point, this can be a little intimidating. A quick glance at the ocean of black heads bent over their trays, you will notice the homeroom teachers eating with
their classes and a table or designated area for the secretaries/ maintenance and ‘other’ teachers. This is where you should start heading. With the lingering
rift between the sexes slowly disappearing, try to find a seat on the appropriately gendered side of the group, but don’t be too concerned if Kindergarten students
butt right up with this group and you cross contaminate. Just give a polite bow to the group, sit, and begin.

Down the hatch – On your mark, get set, go

Congratulations, you’ve made it, but this is where the real action is.

Kimchi

Kimchi

If you haven’t already noticed, and unless you’re a seasoned world traveler, you will be looking down at some of the most unfamiliar and adventurous cuisine
you’ve ever seen. Fish often comes cooked with all parts still seemingly functional; skin, eyes, and take extra care with the bones. Beef and chicken, although
looking far less life like, still contain many of the bones, so think twice before you chomp down. Anything red is an instant warning to your mouth screaming,
“red pepper!” Kimchi and all its variations will most certainly grow on you. Trust me, I didn’t give it a chance and now I swear by it. Truly, as far as the
food itself goes, keep an open mind and you will come to look past the sharp bones, the kimchi spice on everything, and even enjoy things originally dubbed as,
let’s say, ‘dirt soup’.

Your neighbors will almost certainly heighten the dining experience. Lunch, is not treated as the social hour it often is back home, save that for the post
lunch coffee. It’s business as usual. Don’t be surprised with hearing noises you thought may never come from a living human, and be on the lookout for spat out
animal bones flying through the air. The slurps and lip smacks are a main stay. Table manners, as we know them, are virtually nonexistent, but I recommend
familiarizing yourself beforehand on the Korean versions, they will score you huge points with everyone.

Even before you get those darn chopsticks situated in your hand so they’re usable, you may find the person you sat down with is already sucking up their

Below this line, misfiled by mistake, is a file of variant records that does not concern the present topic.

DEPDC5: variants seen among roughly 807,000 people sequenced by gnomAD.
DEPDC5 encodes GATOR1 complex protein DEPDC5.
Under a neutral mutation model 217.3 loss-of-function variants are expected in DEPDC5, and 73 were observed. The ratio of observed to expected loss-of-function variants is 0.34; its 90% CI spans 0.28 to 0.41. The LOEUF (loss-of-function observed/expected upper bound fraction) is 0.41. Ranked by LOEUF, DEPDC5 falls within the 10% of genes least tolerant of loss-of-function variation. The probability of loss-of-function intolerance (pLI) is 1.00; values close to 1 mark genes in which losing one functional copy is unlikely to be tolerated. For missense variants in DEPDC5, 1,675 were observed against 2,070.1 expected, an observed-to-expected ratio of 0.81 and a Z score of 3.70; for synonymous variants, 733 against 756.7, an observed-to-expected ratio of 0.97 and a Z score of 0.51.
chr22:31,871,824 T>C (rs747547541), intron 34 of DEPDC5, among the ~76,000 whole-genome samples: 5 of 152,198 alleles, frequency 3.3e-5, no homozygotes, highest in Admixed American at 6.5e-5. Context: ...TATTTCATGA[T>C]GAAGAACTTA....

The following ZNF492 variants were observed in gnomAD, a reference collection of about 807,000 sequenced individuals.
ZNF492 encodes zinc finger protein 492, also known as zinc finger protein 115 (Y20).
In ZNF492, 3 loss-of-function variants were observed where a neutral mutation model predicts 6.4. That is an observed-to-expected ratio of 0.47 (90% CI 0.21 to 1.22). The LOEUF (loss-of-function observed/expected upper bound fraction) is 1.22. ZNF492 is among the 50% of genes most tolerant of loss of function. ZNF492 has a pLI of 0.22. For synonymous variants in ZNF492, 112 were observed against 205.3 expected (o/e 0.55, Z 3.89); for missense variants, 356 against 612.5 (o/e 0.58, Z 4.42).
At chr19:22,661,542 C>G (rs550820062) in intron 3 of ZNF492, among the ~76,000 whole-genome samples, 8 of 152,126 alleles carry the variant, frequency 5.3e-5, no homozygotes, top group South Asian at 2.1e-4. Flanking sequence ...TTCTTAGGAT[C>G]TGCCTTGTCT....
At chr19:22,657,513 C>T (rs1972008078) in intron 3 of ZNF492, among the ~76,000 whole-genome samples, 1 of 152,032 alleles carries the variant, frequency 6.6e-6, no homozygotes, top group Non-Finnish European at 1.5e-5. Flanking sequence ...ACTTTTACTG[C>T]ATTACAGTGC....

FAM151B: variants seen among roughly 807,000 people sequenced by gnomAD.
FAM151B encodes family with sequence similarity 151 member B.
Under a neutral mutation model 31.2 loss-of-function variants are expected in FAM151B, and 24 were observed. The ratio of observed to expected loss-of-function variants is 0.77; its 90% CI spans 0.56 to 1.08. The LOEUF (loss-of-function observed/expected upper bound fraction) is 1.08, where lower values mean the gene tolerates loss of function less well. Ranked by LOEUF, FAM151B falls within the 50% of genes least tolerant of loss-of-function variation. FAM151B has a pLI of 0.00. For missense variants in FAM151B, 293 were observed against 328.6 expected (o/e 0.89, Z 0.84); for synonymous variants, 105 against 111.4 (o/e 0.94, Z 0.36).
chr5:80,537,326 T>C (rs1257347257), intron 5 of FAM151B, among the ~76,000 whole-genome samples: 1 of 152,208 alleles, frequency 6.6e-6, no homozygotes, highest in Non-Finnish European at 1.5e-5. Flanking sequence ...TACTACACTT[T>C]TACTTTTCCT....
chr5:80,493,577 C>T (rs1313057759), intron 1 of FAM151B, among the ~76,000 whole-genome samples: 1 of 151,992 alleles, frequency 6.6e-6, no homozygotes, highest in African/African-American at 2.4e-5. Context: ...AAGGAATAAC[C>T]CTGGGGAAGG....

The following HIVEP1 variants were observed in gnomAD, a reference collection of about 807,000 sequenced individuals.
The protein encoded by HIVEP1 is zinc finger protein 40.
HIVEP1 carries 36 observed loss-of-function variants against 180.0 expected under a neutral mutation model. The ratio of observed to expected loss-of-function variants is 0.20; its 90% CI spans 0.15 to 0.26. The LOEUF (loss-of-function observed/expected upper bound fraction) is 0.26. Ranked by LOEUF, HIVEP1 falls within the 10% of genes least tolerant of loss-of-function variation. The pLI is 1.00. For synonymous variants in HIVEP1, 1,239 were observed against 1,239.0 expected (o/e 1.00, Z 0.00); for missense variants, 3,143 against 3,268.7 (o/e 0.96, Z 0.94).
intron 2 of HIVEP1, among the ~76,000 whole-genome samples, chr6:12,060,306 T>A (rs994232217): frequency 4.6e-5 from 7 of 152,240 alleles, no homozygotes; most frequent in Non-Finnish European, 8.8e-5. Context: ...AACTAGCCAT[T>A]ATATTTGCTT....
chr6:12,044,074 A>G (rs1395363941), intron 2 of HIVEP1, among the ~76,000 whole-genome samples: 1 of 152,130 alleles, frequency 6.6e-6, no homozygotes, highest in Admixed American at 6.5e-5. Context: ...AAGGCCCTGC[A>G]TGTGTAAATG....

remaining morsels of rice. Yes, this will happen; Koreans have been described as ‘voracious’ eaters. They may finish a day and a half before you, but are
always quick to complement or give chopsticking pointers. Of course, you could always visit a few sushi restaurants before getting on the plane.

When the dust settles on the eating extravaganza, you may notice what I’ve coined as: the kimchi tie. This happens when an inexperienced Korean eater, pairs their chopstick
ability against the wide range of potent spices found here. So many
times, and I speak from experience, I have gripped those slippery
pieces of fermented cabbage or radish cubes, and bring it to my mouth
just as it slips free, marking a scarlet racing stripe from my
breastbone to my lap. Along the same lines, be careful of the soup, the
spicy splatters make a cute polka-dot design. You may want to ask your
mom to send a box of red lobster bibs as her next care package.

Now all you have to do is say ‘hello’ every three seconds to eager eyed students, navigate your way through the lingering crowd, discard your leftovers,
tray, putting silverware in their appropriate containers, and start preparing to do it all over again tomorrow. Bon appetit!

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Older comments on The Art of Korean School Lunch – South Korea, Asia

Julie Dupuis
11 June 2009

It’s seriously unethical to publish the same article in two different places without first removing the article from the first publication. I just saw this exact same article in the June issue of inTravel Magazine. Shame on you for the multiple submission.

Anonymous
14 April 2009

pretty much fits my school to a T- pretty exhausting at times!

sans
11 April 2009

While it’s nice that you’re trying something new, maybe you shouldn’t be so condescending about the culture.